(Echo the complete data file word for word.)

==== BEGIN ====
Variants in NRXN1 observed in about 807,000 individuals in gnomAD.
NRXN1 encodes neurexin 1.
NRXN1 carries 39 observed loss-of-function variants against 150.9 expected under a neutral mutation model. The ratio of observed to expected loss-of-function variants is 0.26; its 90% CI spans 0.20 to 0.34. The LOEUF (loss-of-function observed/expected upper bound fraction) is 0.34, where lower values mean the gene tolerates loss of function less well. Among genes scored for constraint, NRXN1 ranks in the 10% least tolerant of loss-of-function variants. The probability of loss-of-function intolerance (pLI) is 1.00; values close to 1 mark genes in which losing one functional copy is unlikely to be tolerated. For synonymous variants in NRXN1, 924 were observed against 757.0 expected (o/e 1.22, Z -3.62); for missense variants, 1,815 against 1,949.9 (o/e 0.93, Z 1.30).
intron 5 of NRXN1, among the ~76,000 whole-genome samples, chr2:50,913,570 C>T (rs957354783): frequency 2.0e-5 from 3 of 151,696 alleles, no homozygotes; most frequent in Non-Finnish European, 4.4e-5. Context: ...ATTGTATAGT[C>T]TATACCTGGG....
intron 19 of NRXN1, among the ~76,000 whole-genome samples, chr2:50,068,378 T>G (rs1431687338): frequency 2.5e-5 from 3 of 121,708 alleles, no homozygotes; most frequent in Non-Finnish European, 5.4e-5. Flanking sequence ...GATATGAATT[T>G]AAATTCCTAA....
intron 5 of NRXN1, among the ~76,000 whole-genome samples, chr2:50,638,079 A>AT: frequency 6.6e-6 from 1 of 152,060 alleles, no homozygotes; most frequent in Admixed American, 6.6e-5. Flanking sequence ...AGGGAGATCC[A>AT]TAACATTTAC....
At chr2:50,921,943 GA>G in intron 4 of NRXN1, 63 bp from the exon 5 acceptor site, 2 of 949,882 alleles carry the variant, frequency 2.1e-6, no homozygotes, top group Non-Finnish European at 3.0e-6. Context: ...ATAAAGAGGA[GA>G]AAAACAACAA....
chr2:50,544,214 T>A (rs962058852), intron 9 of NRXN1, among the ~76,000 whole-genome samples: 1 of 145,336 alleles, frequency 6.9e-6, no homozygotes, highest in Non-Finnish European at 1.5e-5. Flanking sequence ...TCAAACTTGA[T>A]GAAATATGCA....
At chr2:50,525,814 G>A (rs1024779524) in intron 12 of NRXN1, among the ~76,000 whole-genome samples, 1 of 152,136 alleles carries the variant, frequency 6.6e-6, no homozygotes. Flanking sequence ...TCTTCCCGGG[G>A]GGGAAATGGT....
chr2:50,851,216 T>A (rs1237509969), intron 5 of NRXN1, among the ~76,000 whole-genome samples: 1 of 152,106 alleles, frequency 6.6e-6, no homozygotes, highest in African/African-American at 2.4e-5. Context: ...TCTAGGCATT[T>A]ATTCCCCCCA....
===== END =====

Variants in NRXN1 observed in about 807,000 individuals in gnomAD.
NRXN1 encodes neurexin 1.
NRXN1 carries 39 observed loss-of-function variants against 150.9 expected under a neutral mutation model. The ratio of observed to expected loss-of-function variants is 0.26; its 90% CI spans 0.20 to 0.34. The LOEUF (loss-of-function observed/expected upper bound fraction) is 0.34, where lower values mean the gene tolerates loss of function less well. Among genes scored for constraint, NRXN1 ranks in the 10% least tolerant of loss-of-function variants. The probability of loss-of-function intolerance (pLI) is 1.00; values close to 1 mark genes in which losing one functional copy is unlikely to be tolerated. For synonymous variants in NRXN1, 924 were observed against 757.0 expected (o/e 1.22, Z -3.62); for missense variants, 1,815 against 1,949.9 (o/e 0.93, Z 1.30).
intron 5 of NRXN1, among the ~76,000 whole-genome samples, chr2:50,913,570 C>T (rs957354783): frequency 2.0e-5 from 3 of 151,696 alleles, no homozygotes; most frequent in Non-Finnish European, 4.4e-5. Context: ...ATTGTATAGT[C>T]TATACCTGGG....
intron 19 of NRXN1, among the ~76,000 whole-genome samples, chr2:50,068,378 T>G (rs1431687338): frequency 2.5e-5 from 3 of 121,708 alleles, no homozygotes; most frequent in Non-Finnish European, 5.4e-5. Flanking sequence ...GATATGAATT[T>G]AAATTCCTAA....
intron 5 of NRXN1, among the ~76,000 whole-genome samples, chr2:50,638,079 A>AT: frequency 6.6e-6 from 1 of 152,060 alleles, no homozygotes; most frequent in Admixed American, 6.6e-5. Flanking sequence ...AGGGAGATCC[A>AT]TAACATTTAC....
At chr2:50,921,943 GA>G in intron 4 of NRXN1, 63 bp from the exon 5 acceptor site, 2 of 949,882 alleles carry the variant, frequency 2.1e-6, no homozygotes, top group Non-Finnish European at 3.0e-6. Context: ...ATAAAGAGGA[GA>G]AAAACAACAA....
chr2:50,544,214 T>A (rs962058852), intron 9 of NRXN1, among the ~76,000 whole-genome samples: 1 of 145,336 alleles, frequency 6.9e-6, no homozygotes, highest in Non-Finnish European at 1.5e-5. Flanking sequence ...TCAAACTTGA[T>A]GAAATATGCA....
At chr2:50,525,814 G>A (rs1024779524) in intron 12 of NRXN1, among the ~76,000 whole-genome samples, 1 of 152,136 alleles carries the variant, frequency 6.6e-6, no homozygotes. Flanking sequence ...TCTTCCCGGG[G>A]GGGAAATGGT....
chr2:50,851,216 T>A (rs1237509969), intron 5 of NRXN1, among the ~76,000 whole-genome samples: 1 of 152,106 alleles, frequency 6.6e-6, no homozygotes, highest in African/African-American at 2.4e-5. Context: ...TCTAGGCATT[T>A]ATTCCCCCCA....